The row between supporters of a Swedish website accused of piracy and the nation's authorities is escalating. A raid on The Pirate Bay site by Swedish police is thought to have been the catalyst for hack attacks on official websites. The attacks are being investigated by the Swedish security service, its domestic intelligence agency. Protestors took to the streets of Stockholm to show their support for the BitTorrent search site.
- SE - Website back after Swedish raids
A website accused of directing users to pirated films, music and software has reopened using servers in the Netherlands days after Swedish authorities shut it down. ThePirateBay.org has described itself as the largest search index for BitTorrent, a system used for sharing large files over the internet. But critics in the entertainment industry argue it is a major source of music and film piracy. The Pirate Bay says it does nothing wrong. Its operators maintain that the site's function is to direct users towards the files that they search for and manage the uploads and downloads. The website itself does not hold any copyright files.
Issue no. 361 - 23 May 2006
- Microsoft: Open source 'not reliable or dependable'
A senior Microsoft executive told a BBC documentary that people should use commercial software if they're looking for stability. 'I don't think (open source) is anti-Microsoft in the sense that it's giving people choices in the technologies that they use,' Jonathan Murray, the vice president and chief technology officer of Microsoft Europe, told BBC World in the first part of the documentary 'The Code Breakers,' which aired this week.
- UK - Beatles to appeal after losing trademark battle with Apple Computer
The Beatles were beaten by the power of the iPod in the high court when a judge ruled that Apple Computer had not violated an agreement restricting the use of its apple logo in the music business. But the 25-year dispute over how the US computer giant can deploy its trademark apple with a bite taken out will continue as lawyers for Apple Corps, the record label still owned by Sir Paul McCartney and Ringo Starr, vowed to appeal against the "curious" verdict. Apple Computer's lawyers told the court that "even a moron in a hurry" could tell the difference between iTunes and the Beatles' Apple Corps. Apple Corps Limited v. Apple Computer, Inc per Mann J  EWHC 996 (Ch) (BAILII) and 1991 Trademark Agreement (FindLaw).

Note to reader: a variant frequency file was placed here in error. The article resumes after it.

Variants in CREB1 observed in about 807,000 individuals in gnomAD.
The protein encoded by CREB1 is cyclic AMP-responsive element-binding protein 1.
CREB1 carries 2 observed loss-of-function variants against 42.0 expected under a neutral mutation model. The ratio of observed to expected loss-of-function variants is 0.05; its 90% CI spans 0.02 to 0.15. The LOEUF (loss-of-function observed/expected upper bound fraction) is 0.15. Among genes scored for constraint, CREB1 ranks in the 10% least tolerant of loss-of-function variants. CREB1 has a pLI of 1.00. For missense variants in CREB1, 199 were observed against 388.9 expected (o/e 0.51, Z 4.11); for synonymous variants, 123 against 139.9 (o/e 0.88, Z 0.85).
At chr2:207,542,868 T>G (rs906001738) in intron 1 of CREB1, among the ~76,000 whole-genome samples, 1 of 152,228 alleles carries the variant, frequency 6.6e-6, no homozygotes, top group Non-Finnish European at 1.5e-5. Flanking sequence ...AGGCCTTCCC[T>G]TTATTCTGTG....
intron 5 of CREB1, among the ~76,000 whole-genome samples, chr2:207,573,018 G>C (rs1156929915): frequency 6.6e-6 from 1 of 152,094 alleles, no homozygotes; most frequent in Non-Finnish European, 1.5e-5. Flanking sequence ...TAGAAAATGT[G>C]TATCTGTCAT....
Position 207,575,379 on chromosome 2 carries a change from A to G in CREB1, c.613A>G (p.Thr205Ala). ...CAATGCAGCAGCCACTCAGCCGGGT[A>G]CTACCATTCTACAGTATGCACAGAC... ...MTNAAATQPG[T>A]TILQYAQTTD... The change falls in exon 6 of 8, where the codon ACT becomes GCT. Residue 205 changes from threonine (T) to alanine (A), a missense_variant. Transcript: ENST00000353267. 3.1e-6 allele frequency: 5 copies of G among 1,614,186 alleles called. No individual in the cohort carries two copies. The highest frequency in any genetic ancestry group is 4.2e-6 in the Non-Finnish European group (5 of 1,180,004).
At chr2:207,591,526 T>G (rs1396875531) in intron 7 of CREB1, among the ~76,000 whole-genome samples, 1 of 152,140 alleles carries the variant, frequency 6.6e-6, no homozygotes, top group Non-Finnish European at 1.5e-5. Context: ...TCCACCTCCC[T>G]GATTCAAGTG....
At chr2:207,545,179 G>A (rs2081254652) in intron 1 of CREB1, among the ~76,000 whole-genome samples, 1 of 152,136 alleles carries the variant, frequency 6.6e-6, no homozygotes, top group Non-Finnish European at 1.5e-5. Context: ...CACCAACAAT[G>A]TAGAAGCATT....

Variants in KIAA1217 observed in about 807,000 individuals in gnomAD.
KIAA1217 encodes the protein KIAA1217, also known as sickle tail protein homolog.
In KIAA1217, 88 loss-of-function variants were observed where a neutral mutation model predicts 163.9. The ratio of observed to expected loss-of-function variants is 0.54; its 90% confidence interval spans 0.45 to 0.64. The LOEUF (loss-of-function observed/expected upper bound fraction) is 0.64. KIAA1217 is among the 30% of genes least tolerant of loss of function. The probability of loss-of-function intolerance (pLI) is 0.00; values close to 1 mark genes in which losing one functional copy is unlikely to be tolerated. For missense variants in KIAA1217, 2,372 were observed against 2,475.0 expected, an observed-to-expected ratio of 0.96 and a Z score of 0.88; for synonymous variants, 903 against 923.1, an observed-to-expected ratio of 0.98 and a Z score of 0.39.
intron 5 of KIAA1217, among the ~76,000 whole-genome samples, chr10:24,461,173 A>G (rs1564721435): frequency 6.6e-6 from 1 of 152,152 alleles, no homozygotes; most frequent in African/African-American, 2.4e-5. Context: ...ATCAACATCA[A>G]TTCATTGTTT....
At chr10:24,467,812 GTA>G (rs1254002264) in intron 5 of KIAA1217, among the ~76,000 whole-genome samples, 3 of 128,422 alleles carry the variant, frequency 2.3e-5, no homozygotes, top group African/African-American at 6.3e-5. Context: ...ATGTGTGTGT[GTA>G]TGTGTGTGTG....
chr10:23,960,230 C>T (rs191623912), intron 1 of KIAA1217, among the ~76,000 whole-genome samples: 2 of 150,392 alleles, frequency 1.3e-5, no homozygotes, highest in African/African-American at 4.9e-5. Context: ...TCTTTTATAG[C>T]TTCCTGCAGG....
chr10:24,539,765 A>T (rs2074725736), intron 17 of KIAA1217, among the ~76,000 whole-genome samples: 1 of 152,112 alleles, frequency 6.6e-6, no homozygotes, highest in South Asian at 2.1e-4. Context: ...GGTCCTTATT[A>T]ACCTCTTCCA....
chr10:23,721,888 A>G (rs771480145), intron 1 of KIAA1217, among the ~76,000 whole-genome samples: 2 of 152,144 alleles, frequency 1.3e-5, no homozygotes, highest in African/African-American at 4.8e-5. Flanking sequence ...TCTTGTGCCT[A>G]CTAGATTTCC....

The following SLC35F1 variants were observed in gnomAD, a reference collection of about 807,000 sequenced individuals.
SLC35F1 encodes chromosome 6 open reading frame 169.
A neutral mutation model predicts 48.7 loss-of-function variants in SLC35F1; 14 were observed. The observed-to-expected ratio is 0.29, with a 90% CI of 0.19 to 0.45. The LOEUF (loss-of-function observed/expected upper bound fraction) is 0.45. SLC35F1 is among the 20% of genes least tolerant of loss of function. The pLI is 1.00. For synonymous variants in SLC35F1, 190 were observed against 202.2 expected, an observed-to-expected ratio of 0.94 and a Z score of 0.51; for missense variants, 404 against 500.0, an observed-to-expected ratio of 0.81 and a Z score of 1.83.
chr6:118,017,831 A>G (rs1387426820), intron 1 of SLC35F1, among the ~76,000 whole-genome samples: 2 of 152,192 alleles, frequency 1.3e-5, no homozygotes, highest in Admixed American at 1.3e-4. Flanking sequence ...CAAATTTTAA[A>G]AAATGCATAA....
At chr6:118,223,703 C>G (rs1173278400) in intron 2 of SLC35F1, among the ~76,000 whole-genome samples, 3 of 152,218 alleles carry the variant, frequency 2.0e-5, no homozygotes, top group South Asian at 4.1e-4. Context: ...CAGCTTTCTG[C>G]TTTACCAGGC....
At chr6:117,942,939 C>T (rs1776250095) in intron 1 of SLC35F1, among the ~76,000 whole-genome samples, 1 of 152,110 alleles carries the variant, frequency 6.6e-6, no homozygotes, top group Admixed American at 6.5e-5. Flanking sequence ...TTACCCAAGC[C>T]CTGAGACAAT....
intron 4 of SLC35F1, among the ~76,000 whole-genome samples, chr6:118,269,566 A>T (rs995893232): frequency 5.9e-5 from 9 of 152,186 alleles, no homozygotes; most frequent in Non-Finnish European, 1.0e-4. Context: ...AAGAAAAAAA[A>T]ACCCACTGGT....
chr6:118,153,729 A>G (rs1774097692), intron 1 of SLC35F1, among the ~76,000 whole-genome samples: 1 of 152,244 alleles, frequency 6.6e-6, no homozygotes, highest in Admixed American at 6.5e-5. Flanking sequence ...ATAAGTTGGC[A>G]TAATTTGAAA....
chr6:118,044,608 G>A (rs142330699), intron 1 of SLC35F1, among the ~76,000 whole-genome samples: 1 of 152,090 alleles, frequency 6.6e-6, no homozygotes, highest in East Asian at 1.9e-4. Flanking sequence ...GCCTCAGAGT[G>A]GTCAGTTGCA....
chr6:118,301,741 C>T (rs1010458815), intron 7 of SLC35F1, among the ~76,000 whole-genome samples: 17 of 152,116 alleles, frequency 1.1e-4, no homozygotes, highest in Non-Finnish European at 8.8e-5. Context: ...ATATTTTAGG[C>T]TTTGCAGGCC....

- US - Technology groups win patent lawsuit
A ruling by the US Supreme Court, which involved the online auction giant Ebay, could profoundly change the balance of power between companies that use patents primarily for litigation and high tech companies that make products based on thousands of different bits of patented technology. Courts almost always issue an injunction to force companies to change the design of their products once they are found to have infringed a patent. The justices ruled unanimously that there should be another option: courts should have discretion on whether to allow companies to continue making their product and compensate for the infringement with monetary damages rather than forcing them always to stop using the infringed technology.
Issue no. 360 - 14 May 2006
- EU - Galileo peut garder son nom
Arrêt du Tribunal de première instance dans l'affaire T-279/03. Galileo International Technology LLC et e.a. / Commission des Communautés européennes. Le Tribunal rejette le recours introduit par le groupe d'entreprises Galileo contre l'emploi par la Commission du terme Galileo pour désigner le système européen de navigation par satellite. Les requérantes n´ont pas établi que l´utilisation par la Commission dudit terme était susceptible de porter atteinte à leurs droits de marque.
- WIPO - Webcasting put on a separate track from Broadcasting Treaty
At the beginning of May 2006 the WIPO Standing Committee on Copyright and Related Rights (SCCR/14) met in Geneva with the aim to decide on recommendations on a draft WIPO Treaty on the Protection of Broadcasting Organisations. On the last day the SCCR finally decided to split the negotiations into two parts: a treaty that will focus on "traditional" broadcasting and one on the technologies that would deliver content over the Internet.